I have mixed feelings about Mother’s Day. I enjoyed telephone chats with our three children yesterday, but I also love their spontaneous texts about a grandchild’s success (or tears) or pictures of Pacific waves rolling to shore (he knows I have a love affair with the ocean) or an email about her latest cooking accomplishment (with Kenyans or New Yorkers as guests). Hallmark—or homemade—cards are appreciated but I fondly remember the time my husband and I returned home to find our dining room table covered with a white sheet, my fine goblets filled with grape juice and a candle glowing: it was our anniversary. Flowers sent via FTD© are always appreciated but oh, those dandelions that graced our table in years gone by.
Perhaps we should begin a Day-After-Mother’s-Day celebration in which we mothers honor our children. Not only a time to laud their accomplishments but also an occasion to note their character, or the small, often unnoticed, marks they leave on the world. All of our three use words with skill and artistry. One son’s career is in the publishing industry where not only are his words influencing others but his creativity is seen in his design of book covers. Another son uses his words to help people more clearly see God’s love. Our daughter’s words not are only seen in poetry and story but in how she helps teenagers move their often muddled ideas into (semi!) coherent English.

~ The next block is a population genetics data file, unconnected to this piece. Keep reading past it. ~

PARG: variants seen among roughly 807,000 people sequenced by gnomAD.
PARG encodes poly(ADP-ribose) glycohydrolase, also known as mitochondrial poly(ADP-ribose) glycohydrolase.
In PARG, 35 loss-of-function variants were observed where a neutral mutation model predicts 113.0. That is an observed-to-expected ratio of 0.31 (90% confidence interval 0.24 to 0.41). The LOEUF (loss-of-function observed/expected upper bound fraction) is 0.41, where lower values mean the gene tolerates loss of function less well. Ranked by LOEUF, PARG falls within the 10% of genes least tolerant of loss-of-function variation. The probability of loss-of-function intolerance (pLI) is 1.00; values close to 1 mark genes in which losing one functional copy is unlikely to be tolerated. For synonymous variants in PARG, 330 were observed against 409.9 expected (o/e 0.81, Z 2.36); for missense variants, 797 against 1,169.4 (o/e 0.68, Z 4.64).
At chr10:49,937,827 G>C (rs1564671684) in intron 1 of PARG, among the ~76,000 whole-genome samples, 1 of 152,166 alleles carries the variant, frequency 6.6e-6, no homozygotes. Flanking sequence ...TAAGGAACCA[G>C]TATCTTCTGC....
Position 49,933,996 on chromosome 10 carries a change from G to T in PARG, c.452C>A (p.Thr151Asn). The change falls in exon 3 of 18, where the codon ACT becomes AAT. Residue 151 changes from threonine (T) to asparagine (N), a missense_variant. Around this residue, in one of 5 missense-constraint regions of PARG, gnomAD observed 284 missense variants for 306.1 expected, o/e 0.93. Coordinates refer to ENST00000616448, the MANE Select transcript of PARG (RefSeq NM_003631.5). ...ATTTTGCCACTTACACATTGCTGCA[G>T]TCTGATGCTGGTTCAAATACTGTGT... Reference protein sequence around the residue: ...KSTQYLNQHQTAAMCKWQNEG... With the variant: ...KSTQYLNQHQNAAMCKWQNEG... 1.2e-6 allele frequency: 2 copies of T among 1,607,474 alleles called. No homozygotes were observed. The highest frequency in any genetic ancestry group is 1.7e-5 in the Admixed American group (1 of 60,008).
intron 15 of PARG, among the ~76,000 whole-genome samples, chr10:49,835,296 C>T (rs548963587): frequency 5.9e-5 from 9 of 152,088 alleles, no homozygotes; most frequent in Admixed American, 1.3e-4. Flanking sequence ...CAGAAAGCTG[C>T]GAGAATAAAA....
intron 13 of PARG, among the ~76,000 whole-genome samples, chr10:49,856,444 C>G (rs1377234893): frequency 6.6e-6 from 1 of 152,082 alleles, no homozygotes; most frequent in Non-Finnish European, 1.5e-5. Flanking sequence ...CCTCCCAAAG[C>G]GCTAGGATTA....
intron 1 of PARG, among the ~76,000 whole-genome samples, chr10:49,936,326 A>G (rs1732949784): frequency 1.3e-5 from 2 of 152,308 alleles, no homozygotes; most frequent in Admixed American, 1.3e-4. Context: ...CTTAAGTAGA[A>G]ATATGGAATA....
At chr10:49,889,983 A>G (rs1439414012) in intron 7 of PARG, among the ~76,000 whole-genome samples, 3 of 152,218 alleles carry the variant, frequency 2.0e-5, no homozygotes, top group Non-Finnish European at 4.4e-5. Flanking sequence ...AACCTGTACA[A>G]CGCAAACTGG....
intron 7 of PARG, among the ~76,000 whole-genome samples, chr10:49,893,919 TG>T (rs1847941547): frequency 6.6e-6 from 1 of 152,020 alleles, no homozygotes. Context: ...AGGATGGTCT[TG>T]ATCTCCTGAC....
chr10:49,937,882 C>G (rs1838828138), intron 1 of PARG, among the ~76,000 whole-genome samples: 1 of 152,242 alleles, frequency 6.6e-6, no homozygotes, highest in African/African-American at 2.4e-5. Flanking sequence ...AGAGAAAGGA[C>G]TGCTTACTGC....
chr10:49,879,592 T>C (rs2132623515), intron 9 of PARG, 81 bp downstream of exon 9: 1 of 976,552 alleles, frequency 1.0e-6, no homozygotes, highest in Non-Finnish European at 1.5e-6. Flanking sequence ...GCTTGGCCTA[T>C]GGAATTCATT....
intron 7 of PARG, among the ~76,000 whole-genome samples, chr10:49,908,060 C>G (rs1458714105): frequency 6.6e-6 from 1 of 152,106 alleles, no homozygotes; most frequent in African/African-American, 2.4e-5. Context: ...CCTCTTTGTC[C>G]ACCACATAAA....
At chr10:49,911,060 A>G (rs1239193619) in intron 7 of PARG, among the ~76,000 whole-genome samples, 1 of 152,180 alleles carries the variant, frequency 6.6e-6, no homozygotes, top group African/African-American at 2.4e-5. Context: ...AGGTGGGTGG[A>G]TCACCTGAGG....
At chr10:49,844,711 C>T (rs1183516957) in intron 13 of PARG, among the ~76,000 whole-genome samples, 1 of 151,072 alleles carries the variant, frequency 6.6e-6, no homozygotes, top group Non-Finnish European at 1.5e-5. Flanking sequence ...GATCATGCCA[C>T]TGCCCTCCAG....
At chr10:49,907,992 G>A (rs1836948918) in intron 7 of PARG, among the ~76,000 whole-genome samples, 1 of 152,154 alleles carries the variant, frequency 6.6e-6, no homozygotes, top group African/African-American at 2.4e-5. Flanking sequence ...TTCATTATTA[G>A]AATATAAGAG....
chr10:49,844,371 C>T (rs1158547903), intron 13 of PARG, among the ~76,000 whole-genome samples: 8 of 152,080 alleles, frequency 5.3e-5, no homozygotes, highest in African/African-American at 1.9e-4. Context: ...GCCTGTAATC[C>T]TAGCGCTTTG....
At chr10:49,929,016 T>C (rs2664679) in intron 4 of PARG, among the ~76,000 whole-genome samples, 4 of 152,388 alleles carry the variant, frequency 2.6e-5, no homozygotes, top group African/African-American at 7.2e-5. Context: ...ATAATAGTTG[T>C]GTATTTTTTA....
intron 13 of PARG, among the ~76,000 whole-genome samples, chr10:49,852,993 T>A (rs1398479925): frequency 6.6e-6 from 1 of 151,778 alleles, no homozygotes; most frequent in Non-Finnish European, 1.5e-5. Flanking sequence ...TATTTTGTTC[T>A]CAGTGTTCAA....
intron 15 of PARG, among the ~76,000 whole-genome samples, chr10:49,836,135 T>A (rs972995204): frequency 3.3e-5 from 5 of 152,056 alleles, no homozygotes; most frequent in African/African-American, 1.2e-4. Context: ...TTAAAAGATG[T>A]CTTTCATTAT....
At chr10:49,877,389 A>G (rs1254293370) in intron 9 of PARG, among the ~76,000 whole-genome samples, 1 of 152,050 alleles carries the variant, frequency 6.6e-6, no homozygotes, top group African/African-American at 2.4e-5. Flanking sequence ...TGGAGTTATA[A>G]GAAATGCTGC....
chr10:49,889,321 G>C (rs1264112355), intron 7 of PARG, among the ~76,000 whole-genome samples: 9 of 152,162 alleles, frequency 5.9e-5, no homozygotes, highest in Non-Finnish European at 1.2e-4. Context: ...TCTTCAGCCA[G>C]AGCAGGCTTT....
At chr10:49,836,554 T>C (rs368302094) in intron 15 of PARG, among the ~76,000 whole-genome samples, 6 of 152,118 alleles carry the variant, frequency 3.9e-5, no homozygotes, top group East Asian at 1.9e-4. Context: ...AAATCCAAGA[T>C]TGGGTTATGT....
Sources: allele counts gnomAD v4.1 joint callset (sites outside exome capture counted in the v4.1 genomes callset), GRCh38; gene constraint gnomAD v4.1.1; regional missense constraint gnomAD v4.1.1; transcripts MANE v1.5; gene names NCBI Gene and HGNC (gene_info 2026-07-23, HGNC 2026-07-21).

Our daughter has never been satisfied with pat answers, a trait that has caused her heartache along with insight about God, herself and others that astounds. Our oldest son’s sense of humor is quirky and spot on. This firmly planted Californian laughs—almost giggles—at our Colorado snow on Mother’s Day and also roars at a friend’s joke over a glass of beer. Our younger son enthusiastically throws himself into his daughters’ soccer or his son’s rugby games and Daddy Daughter dances while also wholeheartedly pursuing the passion of Christian ministry.
Our daughter influences thousands of lives from around the world as she pours herself into the rarely applauded career of teaching, especially the niche of training international students to read and write English. Our sons have committed themselves to marriage and family which sometimes means they have placed their own desires on hold. I seriously doubt they see this as grave sacrifice; it is merely a fact of life that brings its own rewards as that path is lovingly chosen. In so doing they encourages their wives to be women of influence and will be seeing their children make greater marks on the world than they could personally accomplish.
These three children—now adults—are really no different than many of your own. Shall we begin this new holiday, this Day After Mother’s Day celebration? I think our children might be surprised, would certainly be encouraged, by our efforts.